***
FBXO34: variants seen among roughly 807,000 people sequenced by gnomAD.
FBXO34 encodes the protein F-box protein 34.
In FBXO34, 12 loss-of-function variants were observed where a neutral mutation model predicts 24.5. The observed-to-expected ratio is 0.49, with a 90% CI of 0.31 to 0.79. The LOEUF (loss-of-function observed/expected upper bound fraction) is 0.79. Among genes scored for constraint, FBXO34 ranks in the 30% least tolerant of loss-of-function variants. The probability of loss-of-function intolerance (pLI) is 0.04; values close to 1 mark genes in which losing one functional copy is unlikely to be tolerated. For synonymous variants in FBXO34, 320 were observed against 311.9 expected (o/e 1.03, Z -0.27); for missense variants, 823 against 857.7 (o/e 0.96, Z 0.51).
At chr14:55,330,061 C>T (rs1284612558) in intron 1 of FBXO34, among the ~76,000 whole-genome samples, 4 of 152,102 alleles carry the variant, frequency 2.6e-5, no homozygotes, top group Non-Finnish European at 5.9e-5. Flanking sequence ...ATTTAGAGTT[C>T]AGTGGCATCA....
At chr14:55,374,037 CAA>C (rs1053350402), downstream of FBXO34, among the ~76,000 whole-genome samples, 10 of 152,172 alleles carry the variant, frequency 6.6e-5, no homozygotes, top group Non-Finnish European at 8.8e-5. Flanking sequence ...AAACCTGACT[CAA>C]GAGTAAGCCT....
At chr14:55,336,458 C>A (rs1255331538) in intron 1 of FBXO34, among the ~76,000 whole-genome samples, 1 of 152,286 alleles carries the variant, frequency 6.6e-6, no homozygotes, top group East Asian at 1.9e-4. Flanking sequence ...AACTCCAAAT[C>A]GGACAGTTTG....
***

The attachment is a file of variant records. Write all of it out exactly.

FBXO34: variants seen among roughly 807,000 people sequenced by gnomAD.
FBXO34 encodes the protein F-box protein 34.
In FBXO34, 12 loss-of-function variants were observed where a neutral mutation model predicts 24.5. The observed-to-expected ratio is 0.49, with a 90% CI of 0.31 to 0.79. The LOEUF (loss-of-function observed/expected upper bound fraction) is 0.79. Among genes scored for constraint, FBXO34 ranks in the 30% least tolerant of loss-of-function variants. The probability of loss-of-function intolerance (pLI) is 0.04; values close to 1 mark genes in which losing one functional copy is unlikely to be tolerated. For synonymous variants in FBXO34, 320 were observed against 311.9 expected (o/e 1.03, Z -0.27); for missense variants, 823 against 857.7 (o/e 0.96, Z 0.51).
At chr14:55,330,061 C>T (rs1284612558) in intron 1 of FBXO34, among the ~76,000 whole-genome samples, 4 of 152,102 alleles carry the variant, frequency 2.6e-5, no homozygotes, top group Non-Finnish European at 5.9e-5. Flanking sequence ...ATTTAGAGTT[C>T]AGTGGCATCA....
At chr14:55,374,037 CAA>C (rs1053350402), downstream of FBXO34, among the ~76,000 whole-genome samples, 10 of 152,172 alleles carry the variant, frequency 6.6e-5, no homozygotes, top group Non-Finnish European at 8.8e-5. Flanking sequence ...AAACCTGACT[CAA>C]GAGTAAGCCT....
At chr14:55,336,458 C>A (rs1255331538) in intron 1 of FBXO34, among the ~76,000 whole-genome samples, 1 of 152,286 alleles carries the variant, frequency 6.6e-6, no homozygotes, top group East Asian at 1.9e-4. Flanking sequence ...AACTCCAAAT[C>A]GGACAGTTTG....